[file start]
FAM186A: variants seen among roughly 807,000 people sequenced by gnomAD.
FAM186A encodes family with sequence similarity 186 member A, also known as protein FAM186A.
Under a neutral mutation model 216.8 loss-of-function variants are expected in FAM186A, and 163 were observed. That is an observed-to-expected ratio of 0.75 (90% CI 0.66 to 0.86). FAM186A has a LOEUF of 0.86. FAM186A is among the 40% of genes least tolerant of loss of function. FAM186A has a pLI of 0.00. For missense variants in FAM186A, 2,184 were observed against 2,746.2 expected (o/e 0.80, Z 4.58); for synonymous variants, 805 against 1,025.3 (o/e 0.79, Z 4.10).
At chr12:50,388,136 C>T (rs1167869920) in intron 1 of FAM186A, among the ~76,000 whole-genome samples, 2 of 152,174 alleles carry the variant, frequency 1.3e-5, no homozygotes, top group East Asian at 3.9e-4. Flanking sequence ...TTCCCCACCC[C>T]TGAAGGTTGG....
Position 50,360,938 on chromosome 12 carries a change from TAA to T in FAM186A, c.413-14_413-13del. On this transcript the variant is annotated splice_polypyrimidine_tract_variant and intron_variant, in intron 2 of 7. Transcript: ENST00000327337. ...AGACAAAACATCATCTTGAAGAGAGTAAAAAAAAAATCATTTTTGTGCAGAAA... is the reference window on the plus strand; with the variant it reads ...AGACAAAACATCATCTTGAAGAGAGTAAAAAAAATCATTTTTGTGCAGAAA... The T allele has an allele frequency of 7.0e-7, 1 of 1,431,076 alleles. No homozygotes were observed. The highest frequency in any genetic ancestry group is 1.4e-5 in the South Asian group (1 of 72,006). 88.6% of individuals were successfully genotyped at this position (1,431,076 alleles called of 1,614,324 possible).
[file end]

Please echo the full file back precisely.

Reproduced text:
FAM186A: variants seen among roughly 807,000 people sequenced by gnomAD.
FAM186A encodes family with sequence similarity 186 member A, also known as protein FAM186A.
Under a neutral mutation model 216.8 loss-of-function variants are expected in FAM186A, and 163 were observed. That is an observed-to-expected ratio of 0.75 (90% CI 0.66 to 0.86). FAM186A has a LOEUF of 0.86. FAM186A is among the 40% of genes least tolerant of loss of function. FAM186A has a pLI of 0.00. For missense variants in FAM186A, 2,184 were observed against 2,746.2 expected (o/e 0.80, Z 4.58); for synonymous variants, 805 against 1,025.3 (o/e 0.79, Z 4.10).
At chr12:50,388,136 C>T (rs1167869920) in intron 1 of FAM186A, among the ~76,000 whole-genome samples, 2 of 152,174 alleles carry the variant, frequency 1.3e-5, no homozygotes, top group East Asian at 3.9e-4. Flanking sequence ...TTCCCCACCC[C>T]TGAAGGTTGG....
Position 50,360,938 on chromosome 12 carries a change from TAA to T in FAM186A, c.413-14_413-13del. On this transcript the variant is annotated splice_polypyrimidine_tract_variant and intron_variant, in intron 2 of 7. Transcript: ENST00000327337. ...AGACAAAACATCATCTTGAAGAGAGTAAAAAAAAAATCATTTTTGTGCAGAAA... is the reference window on the plus strand; with the variant it reads ...AGACAAAACATCATCTTGAAGAGAGTAAAAAAAATCATTTTTGTGCAGAAA... The T allele has an allele frequency of 7.0e-7, 1 of 1,431,076 alleles. No homozygotes were observed. The highest frequency in any genetic ancestry group is 1.4e-5 in the South Asian group (1 of 72,006). 88.6% of individuals were successfully genotyped at this position (1,431,076 alleles called of 1,614,324 possible).